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How widely is James Toseland recognised?

© Raceline Photography

By Dan Moakes
December 14 2007

Can you compare Superbike racing with Formula One? Or what about Sidecar racing? Does even the MotoGP series compare with F1 for global interest? In Great Britain, which has produced the top competitor in one of the biggest motorcycle categories, that man’s recognition seems limited.

In motorcycle road racing, there have been a number of World Champions from Britain crowned in the last fifteen years. Thirteen seasons of Sidecar competition, since 1994, have seen only one year without a British winner; there were Endurance winners in the 1990s, before the title was awarded to the teams instead of the riders; and of course there is SBK. Three English riders have accounted for the Superbike World Championship, with a combined count of seven titles since 1993.

The last Grand Prix World Championship to be won by a Brit was the 1996 Sidecar title, before the series was downgraded to World Cup status. But of course Sidecar racing was hardly a well-supported or truly global series before that, regardless of the talents of its top exponents - and Steve Webster is by far the most successful pilot from the UK in this period, with his six titles, 1997-2004, added to four earlier ones.

British riders were dominant in the TT Formula series that ran in the 1980s, but the last truly major world title for a UK rider was the 500cc Grand Prix crown in 1977, the second in a row for superstar Barry Sheene. The last truly major world title for a UK rider - apart from in Superbikes. Lancashire rider Carl Fogarty was the WSB runner-up in 1993. He won the next two titles for Ducati, was fourth with Honda, then runner-up and double champion again for Ducati. Neil Hodgson (2003) and James Toseland (2004) followed him with further titles for the works Ducati team.

27-year-old Toseland won the series for a second time in 2007, taking eight races for Hannspree Ten Kate Honda. He beat the best in Superbikes to do so, including two double champions; the man who is now sixth in the WSB wins table; and a former GP star. James has had victories in each of the last five seasons, with sixteen of them putting him second only to Troy Bayliss in the same period. So, what recognition was there for James’ achievement? Not too much.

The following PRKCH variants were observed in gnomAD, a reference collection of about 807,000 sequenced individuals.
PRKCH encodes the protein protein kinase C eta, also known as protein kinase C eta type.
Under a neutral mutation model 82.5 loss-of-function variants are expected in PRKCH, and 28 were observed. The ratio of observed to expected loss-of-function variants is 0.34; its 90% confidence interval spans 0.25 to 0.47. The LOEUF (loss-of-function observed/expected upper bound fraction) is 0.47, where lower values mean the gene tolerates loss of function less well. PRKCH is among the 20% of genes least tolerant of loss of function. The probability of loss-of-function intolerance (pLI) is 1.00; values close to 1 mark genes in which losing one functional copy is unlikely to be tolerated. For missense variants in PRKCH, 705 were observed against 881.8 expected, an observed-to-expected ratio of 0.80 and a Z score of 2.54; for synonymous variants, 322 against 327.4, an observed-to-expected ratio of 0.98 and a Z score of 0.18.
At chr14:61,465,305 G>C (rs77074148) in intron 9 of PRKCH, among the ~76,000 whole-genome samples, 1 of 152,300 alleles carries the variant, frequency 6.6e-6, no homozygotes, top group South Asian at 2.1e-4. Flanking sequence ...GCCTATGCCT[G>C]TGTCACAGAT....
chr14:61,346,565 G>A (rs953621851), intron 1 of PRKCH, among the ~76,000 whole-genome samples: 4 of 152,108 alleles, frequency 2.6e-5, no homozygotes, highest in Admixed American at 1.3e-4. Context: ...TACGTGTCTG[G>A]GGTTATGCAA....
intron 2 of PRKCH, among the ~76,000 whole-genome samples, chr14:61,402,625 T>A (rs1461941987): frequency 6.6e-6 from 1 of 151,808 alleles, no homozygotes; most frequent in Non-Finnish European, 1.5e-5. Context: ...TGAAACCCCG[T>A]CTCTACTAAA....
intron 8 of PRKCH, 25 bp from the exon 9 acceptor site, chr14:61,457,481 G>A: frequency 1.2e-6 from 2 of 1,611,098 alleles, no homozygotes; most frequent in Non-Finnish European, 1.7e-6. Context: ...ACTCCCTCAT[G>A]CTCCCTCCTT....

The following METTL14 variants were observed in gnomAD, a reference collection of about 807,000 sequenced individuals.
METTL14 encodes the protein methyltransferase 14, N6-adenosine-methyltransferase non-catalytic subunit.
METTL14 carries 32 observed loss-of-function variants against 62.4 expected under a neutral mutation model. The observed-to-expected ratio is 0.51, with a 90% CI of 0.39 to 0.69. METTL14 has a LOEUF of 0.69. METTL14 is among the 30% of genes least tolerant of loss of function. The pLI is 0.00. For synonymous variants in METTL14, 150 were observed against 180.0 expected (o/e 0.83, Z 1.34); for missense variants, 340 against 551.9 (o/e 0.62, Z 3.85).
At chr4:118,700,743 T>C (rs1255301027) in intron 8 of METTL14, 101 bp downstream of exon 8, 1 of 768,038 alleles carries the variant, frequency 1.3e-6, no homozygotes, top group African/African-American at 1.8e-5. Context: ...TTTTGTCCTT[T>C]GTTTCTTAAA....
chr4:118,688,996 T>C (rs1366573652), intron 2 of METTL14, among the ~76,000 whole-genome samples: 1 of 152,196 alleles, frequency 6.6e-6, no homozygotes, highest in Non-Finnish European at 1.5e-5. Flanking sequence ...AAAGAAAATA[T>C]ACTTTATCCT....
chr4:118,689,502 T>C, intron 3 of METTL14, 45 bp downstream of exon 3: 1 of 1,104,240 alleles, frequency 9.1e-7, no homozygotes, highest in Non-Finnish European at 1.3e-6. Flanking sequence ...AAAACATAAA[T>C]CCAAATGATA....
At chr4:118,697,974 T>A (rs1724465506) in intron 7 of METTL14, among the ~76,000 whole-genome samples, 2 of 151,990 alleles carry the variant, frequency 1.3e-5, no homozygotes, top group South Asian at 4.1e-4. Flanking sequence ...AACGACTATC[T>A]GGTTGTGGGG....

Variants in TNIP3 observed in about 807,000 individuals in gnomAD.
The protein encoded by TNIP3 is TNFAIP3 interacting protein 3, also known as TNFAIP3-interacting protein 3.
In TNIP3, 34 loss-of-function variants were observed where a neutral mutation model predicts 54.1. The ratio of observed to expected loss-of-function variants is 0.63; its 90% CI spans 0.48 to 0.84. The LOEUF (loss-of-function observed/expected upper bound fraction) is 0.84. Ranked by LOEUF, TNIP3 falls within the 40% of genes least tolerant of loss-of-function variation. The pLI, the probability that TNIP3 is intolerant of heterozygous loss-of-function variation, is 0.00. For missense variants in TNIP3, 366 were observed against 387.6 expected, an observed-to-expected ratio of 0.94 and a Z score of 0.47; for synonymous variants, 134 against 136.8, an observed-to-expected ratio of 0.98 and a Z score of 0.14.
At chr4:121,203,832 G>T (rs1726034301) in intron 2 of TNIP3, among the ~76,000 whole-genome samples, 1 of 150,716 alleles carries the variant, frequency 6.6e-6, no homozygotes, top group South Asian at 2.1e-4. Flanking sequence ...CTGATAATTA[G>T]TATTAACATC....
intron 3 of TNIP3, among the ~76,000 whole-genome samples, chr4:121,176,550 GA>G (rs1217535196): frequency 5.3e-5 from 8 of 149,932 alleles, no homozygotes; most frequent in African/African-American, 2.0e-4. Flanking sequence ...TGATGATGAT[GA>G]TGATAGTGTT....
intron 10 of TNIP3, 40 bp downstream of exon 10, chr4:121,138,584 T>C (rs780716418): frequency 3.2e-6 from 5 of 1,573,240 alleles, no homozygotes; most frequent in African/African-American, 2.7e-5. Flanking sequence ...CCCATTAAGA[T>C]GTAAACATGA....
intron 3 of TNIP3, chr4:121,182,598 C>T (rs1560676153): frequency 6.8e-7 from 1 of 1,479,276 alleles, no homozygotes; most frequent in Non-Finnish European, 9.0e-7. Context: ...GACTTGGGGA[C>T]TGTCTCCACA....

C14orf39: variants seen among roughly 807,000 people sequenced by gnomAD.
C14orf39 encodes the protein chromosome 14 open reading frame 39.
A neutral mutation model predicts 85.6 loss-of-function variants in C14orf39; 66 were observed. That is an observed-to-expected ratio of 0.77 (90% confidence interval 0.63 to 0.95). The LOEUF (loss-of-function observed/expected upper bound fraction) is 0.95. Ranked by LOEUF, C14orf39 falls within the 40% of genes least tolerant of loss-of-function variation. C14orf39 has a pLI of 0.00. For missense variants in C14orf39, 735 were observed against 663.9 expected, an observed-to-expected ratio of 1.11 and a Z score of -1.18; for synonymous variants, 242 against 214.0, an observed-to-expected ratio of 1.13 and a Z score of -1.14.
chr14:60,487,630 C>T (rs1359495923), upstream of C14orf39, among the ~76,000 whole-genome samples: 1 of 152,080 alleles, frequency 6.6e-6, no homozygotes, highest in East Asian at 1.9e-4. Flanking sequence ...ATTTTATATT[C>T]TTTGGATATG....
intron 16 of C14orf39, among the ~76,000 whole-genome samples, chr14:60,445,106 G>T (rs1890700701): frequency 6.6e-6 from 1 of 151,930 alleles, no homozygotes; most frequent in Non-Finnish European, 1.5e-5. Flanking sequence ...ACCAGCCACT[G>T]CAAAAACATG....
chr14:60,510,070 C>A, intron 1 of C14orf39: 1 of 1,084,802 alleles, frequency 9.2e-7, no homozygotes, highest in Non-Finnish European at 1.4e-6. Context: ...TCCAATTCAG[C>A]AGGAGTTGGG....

For a start, there was no British terrestrial television coverage of WSB in 2007. The BBC had provided mostly live races from 2000, but in 2003 had secured MotoGP rights from Channel 5, and ultimately dropped all Superbike programming, including their longer-standing work with the British series. Channel 4 took the WSB for 2005, but provided delayed coverage. The same thing happened in 2006, but only after the first two rounds had gone by. This writer did not see any of the 2007 races, and the success of Toseland was barely reported on the British terrestrial broadcast media.

The British motorsport-related headlines this year were all reserved for Formula One rookie Lewis Hamilton. The McLaren driver had an amazing season, and deserved all the accolades he received. Bike sport is the poor relation of its four-wheeled cousin, and although Superbike racing is for production-based machinery, surely it is some steps beyond being the equivalent of touring car racing. After all, for some years the top class in most motorcycle national championship series has been Superbikes. WSB is not MotoGP, but the speeds involved are not that different, and a touring car would not come close to an F1 car.

Lewis raced in the most widely recognised branch of the sport, and he was almost the top man despite his lack of top line experience. He is the real deal, and has done much to revive British interest in motor racing. James raced in a branch of the sport that doesn’t get too much public recognition, and he is one of the most experienced of the WSB front-runners. He is also the youngest of those front-runners, and he is the World Champion, for the second time. He made the shortlist, but was not in the final top three for the BBC’s Sports Personality of the Year. You tell me if his public recognition is truly in proportion with his achievement.

Since Sheene, there have only been three solo Grand Prix race wins for British riders, and none in the top class. The last was in 2001, after a gap of fifteen years. James Toseland moves into the MotoGP series for the first time in 2008, on a customer Yamaha. He now has to step up and show the world whether he can be the successor to Barry Sheene, and put British motorcycle road racers back in the public consciousness.

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